Jamaican Dale Holness Takes Office as Broward County Commissioner
Holness Promotes Job Creation, International Trade, Tourism
The Miami Herald described Jamaican born realtor and mortgage broker Dale Holness as a man who “personifies the classic successful immigrant story.” That story begins a new chapter as Holness was officially sworn in to office Tuesday to serve as Broward County Commissioner representing District 9, the central part of Florida’s second largest county. Art Kennedy, Chief of Staff for United States Congressman Alcee Hastings conducted the swearing-in ceremony.
“The major thing that I believe we have to work on in Broward County is to revive this economy. We are the gateway to the Americas, Latin America, the Caribbean and to most of the rest of the world,” said Commissioner Holness. “We have Port Everglades and the Fort Lauderdale-Hollywood International airport and we need to use these tools for economic development. If we are able to expand trade we will be able to maintain the lifestyle we have. If we don't open up markets and expand our exports in the next five years we are going to be in serious trouble more so than we are now.”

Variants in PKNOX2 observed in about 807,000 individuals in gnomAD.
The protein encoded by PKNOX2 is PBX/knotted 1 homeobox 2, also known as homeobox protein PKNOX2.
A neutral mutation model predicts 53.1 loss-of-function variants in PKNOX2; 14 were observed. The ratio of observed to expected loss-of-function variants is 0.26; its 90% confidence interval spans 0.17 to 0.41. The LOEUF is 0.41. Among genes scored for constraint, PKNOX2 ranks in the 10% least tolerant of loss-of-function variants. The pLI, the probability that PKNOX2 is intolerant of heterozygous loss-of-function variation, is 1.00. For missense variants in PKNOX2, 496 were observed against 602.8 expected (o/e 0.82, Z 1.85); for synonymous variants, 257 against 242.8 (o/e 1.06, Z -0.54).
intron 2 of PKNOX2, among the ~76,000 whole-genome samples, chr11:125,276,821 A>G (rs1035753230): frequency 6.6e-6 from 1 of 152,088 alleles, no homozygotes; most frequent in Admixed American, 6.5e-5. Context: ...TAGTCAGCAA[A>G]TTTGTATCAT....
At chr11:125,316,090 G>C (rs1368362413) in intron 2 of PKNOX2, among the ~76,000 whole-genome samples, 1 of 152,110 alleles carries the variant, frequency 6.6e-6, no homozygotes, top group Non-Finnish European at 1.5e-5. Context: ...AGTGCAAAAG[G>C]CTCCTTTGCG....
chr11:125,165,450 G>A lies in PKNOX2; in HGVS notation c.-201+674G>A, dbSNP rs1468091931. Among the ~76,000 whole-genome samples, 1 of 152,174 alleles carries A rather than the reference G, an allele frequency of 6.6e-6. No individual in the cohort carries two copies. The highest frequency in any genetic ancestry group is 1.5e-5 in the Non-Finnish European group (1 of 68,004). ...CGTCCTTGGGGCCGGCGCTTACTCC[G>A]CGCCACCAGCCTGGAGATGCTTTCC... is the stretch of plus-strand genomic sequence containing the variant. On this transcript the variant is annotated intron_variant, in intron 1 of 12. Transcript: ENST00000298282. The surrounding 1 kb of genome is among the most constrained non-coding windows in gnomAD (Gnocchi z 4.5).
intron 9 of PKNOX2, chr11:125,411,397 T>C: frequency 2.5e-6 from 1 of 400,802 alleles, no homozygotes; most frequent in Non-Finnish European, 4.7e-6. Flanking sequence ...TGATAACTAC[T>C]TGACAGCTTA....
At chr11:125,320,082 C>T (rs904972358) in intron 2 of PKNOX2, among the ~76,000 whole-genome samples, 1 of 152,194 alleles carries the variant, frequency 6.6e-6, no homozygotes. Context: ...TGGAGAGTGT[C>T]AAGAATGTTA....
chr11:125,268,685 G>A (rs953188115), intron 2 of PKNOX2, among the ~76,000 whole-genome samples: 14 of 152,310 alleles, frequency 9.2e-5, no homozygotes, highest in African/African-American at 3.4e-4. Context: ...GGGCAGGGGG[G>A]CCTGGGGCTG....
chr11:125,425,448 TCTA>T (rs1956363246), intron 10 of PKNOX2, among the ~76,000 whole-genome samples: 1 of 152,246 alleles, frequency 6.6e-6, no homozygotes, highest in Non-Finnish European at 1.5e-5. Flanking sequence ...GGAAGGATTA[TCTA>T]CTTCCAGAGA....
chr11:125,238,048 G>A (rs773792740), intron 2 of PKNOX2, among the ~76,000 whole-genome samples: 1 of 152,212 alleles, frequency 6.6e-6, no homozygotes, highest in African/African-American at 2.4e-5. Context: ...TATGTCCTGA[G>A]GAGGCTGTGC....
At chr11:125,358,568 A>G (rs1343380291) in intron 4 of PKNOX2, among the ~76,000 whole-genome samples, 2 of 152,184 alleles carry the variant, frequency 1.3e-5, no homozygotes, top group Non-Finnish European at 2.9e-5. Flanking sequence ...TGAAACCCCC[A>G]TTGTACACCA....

Holness is not new to public service. He spent six years representing the city of Lauderhill, Florida as both a Commissioner and Vice-Mayor. Lauderhill has one of the largest Caribbean populations in South Florida and is home to the Broward County Central Regional Park, the first facility in the United States able to host world class international Cricket tournaments.
“In Broward County you can find someone who speaks any language and understands all cultures from around the world and we need to tap into that and utilize the diversity to build a stronger community,” said Commissioner Holness.
His priorities over the next four years include job creation, enhanced economic development, increasing home ownership and reducing unemployment.
Broward County is located in the center of South Florida and is a diverse, multi-ethnic urban county and one of the fastest growing metropolitan areas in the state, home to 1.8 million people. Since 1990, Broward County has risen from the 16th to the third most racially diverse county in Florida. Approximately 21 percent of the population is African American, including a large number of individuals who immigrated from Haiti, Jamaica, and other parts of the Caribbean, as well as Central and South America. More than 25 percent of residents are now foreign-born.